|Head and hitting coach
(former Catcher, First baseman, Designated Hitter / Manager)
September 24, 1946 |
Toshima, Tokyo, Japan
|April 12, 1969, for the Hanshin Tigers|
|1984, for the Seibu Lions|
|Base on balls||823|
|Runs batted in||1135|
|Career highlights and awards|
Kōichi Tabuchi (田淵 幸一 Tabuchi Kōichi?, born September 24, 1946) is a Japanese former professional baseball player, manager, and commentator. During his career, Tabuchi played for the Hanshin Tigers and the Seibu Lions. Tabuchi played catcher for the Hanshin Tigers from 1969 and 1978, where his combination with pitcher Yutaka Enatsu was called the "Golden Battery".
Always a long-range hitter, Tabuchi was nicknamed home run artist because of the high-in-the-sky, long trajectory of his home runs. Although his career total of 474 home runs is far below Sadaharu Oh's 868, his frequency nearly matched Oh's. Tabuchi hit a home run once every 12.41 at-bats, while Oh did once every 10.66. In this statistic he is second only to Oh among sluggers who have logged 300 or more home runs.
Dubbed the "Hosei Trio" of Hosei University baseball team together with teammates Masaru Tomita and Koji Yamamoto, Tabuchi was named the first draft choice in 1968 by the Tigers, although he had commented earlier he would not join any other team than the Yomiuri Giants. Joining the Tigers after all, he appeared in 81 games during the first season, delivering 22 homers, and marked the highest throw-out rate of attempted steals of the year, which enabled him win the Central League's Rookie of the Year.
In a game against Hiroshima Carp on August 26, 1970, Tabuchi was hit in his head and directly onto his left ear at bat. He was badly bleeding from his ear, and was carried to a hospital immediately where he stayed unconscious for two days. He was oblidged to be hospitalized for three months with his left eardrum found severely damaged, missing out the rest of the season. This incident led to the introduction of ear-flapped helmet in Japan. The following year, Tabuchi was for the second time hospitalized for a period over a month, this time shortly before the season and suffering from nephritis that allowed him join the team only in June.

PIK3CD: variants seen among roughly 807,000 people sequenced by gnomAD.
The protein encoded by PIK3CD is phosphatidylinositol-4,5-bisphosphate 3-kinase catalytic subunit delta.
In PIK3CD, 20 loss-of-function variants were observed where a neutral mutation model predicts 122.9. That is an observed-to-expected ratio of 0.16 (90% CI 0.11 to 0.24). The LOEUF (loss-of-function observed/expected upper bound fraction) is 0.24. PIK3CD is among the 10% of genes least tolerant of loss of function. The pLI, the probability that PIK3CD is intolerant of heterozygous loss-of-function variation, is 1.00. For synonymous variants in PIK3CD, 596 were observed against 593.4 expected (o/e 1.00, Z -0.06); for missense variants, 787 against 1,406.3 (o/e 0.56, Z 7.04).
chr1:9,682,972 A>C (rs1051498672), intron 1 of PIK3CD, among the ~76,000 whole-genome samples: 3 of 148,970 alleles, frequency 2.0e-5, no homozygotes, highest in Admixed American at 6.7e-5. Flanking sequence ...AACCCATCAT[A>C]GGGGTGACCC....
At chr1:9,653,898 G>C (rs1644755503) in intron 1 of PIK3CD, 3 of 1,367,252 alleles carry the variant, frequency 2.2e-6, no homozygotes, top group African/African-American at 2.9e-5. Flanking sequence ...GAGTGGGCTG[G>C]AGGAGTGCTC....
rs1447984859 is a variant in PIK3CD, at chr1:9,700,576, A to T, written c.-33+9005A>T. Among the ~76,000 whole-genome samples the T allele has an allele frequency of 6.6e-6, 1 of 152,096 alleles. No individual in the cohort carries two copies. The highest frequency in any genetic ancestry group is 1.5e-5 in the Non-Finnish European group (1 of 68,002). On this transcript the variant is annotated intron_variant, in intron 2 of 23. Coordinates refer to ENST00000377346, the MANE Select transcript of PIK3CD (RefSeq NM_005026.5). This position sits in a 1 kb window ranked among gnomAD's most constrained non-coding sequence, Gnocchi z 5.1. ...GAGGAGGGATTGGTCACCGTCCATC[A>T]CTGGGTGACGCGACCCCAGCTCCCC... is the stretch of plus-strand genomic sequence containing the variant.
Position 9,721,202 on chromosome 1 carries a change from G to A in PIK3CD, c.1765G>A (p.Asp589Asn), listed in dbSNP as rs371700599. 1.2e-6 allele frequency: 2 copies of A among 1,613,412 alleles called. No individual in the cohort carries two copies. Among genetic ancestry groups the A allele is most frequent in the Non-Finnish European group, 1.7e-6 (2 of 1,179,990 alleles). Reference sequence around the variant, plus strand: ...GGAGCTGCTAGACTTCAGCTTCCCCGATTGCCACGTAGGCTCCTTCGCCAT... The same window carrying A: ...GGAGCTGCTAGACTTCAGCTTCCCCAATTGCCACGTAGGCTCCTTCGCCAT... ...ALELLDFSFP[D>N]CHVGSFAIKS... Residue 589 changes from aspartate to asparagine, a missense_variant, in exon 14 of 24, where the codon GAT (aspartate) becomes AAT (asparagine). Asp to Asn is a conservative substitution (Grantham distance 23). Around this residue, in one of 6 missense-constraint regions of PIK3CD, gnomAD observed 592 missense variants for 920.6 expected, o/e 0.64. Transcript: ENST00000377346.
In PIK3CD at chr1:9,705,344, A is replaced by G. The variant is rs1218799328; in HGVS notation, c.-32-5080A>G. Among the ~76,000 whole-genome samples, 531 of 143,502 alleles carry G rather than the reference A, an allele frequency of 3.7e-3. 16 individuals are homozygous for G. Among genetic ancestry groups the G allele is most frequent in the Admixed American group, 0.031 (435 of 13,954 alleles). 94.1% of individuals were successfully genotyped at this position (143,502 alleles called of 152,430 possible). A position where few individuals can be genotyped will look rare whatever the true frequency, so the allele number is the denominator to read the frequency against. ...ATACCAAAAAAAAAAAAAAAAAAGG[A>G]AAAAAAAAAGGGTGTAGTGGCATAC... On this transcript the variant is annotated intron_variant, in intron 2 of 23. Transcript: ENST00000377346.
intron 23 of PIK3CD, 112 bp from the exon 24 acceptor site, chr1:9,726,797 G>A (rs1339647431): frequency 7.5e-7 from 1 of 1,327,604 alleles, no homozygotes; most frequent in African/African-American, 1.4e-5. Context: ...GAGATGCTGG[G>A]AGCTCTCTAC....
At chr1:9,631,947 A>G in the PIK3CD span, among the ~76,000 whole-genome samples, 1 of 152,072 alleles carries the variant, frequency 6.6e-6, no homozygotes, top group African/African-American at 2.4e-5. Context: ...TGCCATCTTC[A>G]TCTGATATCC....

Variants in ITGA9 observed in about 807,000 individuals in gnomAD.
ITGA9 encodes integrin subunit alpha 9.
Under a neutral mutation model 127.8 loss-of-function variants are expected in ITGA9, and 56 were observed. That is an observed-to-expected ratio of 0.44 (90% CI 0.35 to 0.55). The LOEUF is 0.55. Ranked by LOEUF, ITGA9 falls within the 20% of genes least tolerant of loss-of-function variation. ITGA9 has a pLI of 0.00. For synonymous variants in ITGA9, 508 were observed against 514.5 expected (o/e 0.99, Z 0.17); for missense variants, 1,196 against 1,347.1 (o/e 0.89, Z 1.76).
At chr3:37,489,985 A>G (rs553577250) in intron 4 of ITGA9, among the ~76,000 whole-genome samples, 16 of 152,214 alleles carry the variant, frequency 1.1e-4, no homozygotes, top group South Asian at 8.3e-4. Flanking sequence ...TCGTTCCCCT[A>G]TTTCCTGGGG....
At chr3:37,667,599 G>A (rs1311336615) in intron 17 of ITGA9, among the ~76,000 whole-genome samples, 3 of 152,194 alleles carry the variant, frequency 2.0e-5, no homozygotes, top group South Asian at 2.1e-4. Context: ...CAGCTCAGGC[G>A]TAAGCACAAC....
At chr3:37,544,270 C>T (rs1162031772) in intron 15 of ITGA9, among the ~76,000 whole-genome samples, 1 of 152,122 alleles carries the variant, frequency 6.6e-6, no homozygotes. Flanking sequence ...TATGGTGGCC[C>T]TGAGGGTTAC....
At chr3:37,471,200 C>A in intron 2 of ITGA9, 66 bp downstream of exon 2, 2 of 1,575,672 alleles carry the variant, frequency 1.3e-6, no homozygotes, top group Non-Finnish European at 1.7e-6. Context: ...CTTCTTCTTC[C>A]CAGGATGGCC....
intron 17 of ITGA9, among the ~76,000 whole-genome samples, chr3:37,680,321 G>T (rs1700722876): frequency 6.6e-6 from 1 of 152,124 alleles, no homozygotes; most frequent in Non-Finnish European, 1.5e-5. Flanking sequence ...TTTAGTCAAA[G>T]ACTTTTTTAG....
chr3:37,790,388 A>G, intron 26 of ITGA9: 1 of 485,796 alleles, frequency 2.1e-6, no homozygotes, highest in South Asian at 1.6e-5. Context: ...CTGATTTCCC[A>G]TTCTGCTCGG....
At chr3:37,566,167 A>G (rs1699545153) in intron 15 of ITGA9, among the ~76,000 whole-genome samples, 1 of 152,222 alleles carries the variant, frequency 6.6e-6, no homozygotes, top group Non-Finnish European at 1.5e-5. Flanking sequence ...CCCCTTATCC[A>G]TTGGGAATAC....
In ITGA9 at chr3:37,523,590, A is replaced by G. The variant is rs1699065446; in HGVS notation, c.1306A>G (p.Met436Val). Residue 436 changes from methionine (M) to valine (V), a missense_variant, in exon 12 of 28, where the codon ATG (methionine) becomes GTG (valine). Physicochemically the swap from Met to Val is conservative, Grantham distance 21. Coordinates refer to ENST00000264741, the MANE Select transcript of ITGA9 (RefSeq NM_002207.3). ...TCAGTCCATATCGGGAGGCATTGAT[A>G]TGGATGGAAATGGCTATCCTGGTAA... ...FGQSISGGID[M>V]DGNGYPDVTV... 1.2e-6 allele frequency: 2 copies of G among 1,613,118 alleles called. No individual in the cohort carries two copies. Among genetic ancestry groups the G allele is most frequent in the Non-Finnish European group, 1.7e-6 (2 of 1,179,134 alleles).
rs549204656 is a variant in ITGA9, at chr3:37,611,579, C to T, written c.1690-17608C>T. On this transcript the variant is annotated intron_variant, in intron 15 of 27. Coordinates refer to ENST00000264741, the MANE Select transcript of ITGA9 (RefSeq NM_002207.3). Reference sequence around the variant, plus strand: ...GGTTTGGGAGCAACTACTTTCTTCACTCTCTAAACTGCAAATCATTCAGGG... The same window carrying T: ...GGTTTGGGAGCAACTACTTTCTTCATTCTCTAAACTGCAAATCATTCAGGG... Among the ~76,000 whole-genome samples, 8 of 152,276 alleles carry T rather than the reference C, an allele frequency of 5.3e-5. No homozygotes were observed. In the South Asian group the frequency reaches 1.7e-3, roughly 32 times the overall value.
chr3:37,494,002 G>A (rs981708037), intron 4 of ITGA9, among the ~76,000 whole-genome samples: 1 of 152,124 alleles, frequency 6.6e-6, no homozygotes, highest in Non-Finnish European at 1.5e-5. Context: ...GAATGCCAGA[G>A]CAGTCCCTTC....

In 1973, Tabuchi marked the league's highest throw-out rate for the second time. In 1974, he blasted more than 40 shots over the fence, ending up at 45 homers, four round-trippers behind Sadaharu Oh.
During Tabuchi's last seasons with the Tigers, he often turned the wrong ways while chasing after foul flies.
After his 1984 retirement, he managed the Fukuoka Daiei Hawks and coached the Tigers.
From 1985 to 1989, again from 1993 to 2001, and again beginning in 2004 he has been a commentator for Tokyo Broadcasting System, Inc. (TBS). Tabuchi is the head batting coach of the Japan national baseball team.
- Jersey number:
- 22 (1969–1984)
- 81 (1990–1992)
- 88 (2002–2003)
Awards and honors
- Rookie of the year, Central League, 1969
- Home run king, Central League, 1975
- Matsutaro Shoriki Award, 1983
- "NPBオフィシャルオンラインショップ (NPB)". Retrieved 2010-07-19.
- "Stuffing of All-Star ballot boxes goes back at least 50 years (Japan Times)". Retrieved 2010-07-19.
- "阪神・田淵会長、ＯＢにスカウト要請 SANSPO.COM" (in Japanese). Retrieved 2010-07-19.
- "過去のドラフト 第４回(1968年) nikkansports.com". Retrieved 2010-07-19.
- "盗塁阻止成績(1967年～)(NPB)" (PDF). Retrieved 2010-07-19.
- "【８月26日】1970年(昭45) 田淵幸一、流血し昏倒…記憶が飛んだおかげで恐怖なし Sponichi Annex". Retrieved 2010-07-19.
- Oh continued to win the title in the following two years, in 1976 and 1977, before retiring in 1980. ("Oh's love for game, people endures (Japan Times)". Retrieved 2010-07-19.)
|Matsutaro Shoriki Award